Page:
• Create content that rocks . . . And is shareable“Close to two-thirds (64 per cent) say they value being able to easily share content with others. For young Canadians, the figure rises to 83%.”So . . . Create content that is by its nature shareable
  • There are some generic ideas about what makes for successful and shareable social content
  • Established in 2003, Tactical Tech is an international NGO working to enable the effective use of information for progressive social change. Itswork is informed by the principles of freedom of expression and freedom of information and the need for transparency and accountability.
  • EffectiveInfographics . . . Need rich data to demonstrate authority + Simplicity
  • Since you can’t always come up with content that rocks yourself, become adept at content curation . . . Strategies for doing this(NOTE . . . SEEK COLUMN IS MOST IMPORTANT
  • Document the impact of success . . .
  • Learn from game dynamics . . . There are about 50 core elements of game dynamics . . . Five that I think relate to celebrating successes in social actionAchievementExample: a badge, a level, a reward, points, really anything defined as a reward can be a reward.Blissful ProductivityThe idea that playing in a game makes you happier working hard, than you would be relaxing. Demonstrate that rewardLeader-boards and micro leader-boards (people in a distinct set)LoyaltyDefinition: The concept of feeling a positive sustained connection to an entity leading to a feeling of partial ownership. Often reinforced with a visual representation. (mayorships)Social Fabric of GamesDefinition: the idea that people like one another better after they’ve played games with them, have a higher level of trust and a great willingness to work together. . . . Have a party
  • Getting Slacktivists to Act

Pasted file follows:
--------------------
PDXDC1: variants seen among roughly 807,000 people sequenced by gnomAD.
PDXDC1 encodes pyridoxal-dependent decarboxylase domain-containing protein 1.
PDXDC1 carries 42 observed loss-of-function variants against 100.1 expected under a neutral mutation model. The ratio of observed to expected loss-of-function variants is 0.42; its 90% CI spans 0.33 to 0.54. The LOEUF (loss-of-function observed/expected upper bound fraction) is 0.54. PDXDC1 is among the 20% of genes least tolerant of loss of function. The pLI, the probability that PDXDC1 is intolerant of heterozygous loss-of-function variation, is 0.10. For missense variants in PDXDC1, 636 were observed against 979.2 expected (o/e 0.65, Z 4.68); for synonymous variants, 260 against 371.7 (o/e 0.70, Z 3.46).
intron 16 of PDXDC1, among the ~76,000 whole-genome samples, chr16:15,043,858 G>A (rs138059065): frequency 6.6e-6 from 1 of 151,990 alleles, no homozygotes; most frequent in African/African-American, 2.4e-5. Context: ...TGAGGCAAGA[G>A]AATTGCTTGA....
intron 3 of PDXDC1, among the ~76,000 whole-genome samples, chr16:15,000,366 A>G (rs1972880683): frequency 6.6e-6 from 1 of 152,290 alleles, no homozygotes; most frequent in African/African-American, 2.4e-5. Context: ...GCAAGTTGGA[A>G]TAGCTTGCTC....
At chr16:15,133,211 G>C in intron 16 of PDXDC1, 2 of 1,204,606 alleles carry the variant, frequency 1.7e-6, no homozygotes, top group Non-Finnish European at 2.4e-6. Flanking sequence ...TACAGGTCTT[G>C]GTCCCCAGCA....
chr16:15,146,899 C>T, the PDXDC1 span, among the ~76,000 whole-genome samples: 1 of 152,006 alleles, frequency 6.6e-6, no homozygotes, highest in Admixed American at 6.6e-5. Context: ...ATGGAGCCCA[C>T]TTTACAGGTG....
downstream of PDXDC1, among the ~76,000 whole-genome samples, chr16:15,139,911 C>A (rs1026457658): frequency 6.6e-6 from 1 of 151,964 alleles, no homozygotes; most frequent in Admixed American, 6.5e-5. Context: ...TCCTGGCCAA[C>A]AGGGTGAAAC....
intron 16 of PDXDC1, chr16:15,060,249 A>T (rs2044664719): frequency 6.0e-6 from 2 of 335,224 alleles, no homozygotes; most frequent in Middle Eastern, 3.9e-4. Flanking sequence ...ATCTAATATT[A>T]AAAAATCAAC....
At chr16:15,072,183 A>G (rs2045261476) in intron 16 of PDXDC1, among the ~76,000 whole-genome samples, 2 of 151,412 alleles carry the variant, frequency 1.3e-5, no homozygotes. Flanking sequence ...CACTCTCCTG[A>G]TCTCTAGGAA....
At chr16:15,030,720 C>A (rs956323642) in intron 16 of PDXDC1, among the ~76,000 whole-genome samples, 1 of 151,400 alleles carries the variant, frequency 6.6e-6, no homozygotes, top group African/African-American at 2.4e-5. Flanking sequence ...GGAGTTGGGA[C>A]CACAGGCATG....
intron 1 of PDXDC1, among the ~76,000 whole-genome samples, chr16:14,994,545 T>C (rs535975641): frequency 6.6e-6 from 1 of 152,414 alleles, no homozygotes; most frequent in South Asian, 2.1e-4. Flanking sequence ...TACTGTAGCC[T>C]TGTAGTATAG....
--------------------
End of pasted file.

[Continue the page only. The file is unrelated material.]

1. 1. Organizing Better with the Social Web My Charity Connects 2012 Boyd Neil National Practice Leader Social Media + Digital Communications
    2. 2. 22012 eNonprofit Benchmark Study
    3. 3. 32012 eNonprofit Benchmark Study
    4. 4. 42012 eNonprofit Benchmark Study
    5. 5. . . . And what of it? 5 Social web now integral to non-profit and social organizing Twitter has taken over as a conversation and connection tool especially internationally But . . . a tendency to think in terms of traditional success measures (additions to email lists etc.) Moving from connection to engagement and action is the challenge . . . Organizing online is a core competency for non- profits and advocacy groups
    6. 6. How we do it: 1. Understand social dynamics 2. Draw from historic and current organizing principles6
    7. 7. 7Dr. Giorgos Cheliotis ( and New Media, National University of Singapore
    8. 8. Online organizing doesn’t changehow people make decisions toparticipate – or not1. Personal approach best for recruitment2. Knowing that “someone like me” is on social platform (trust)3. Personal invitations/direct support help people get started4. Understand needs, then help meet those needs, encourages participation and ongoing involvementNeighbourhood Forums: (from an evaluation of Inclusive Social Media project)
    9. 9. Social participation continuumConnection Engagement Influence Action 9
    10. 10. What social web activism can do CreateEducate Organize Courage to Act Act 10
    11. 11. Organizing Principles Organizing principles1. Contain anger | find ideological balance2. Make action choices straightforward, obvious and easy3. Connect everywhere4. Use social tools to organize groups (We used to call them „cells‟)5. Give people offline connection and action opportunities6. Identify local network leaders . . . And empower to self-organize7. Personalize the relationship8. Facilitate peer-to-peer opportunities9. Provide incentives for offline action10. Create content that rocks11. Celebrate successes12. Manage organizing like a political campaign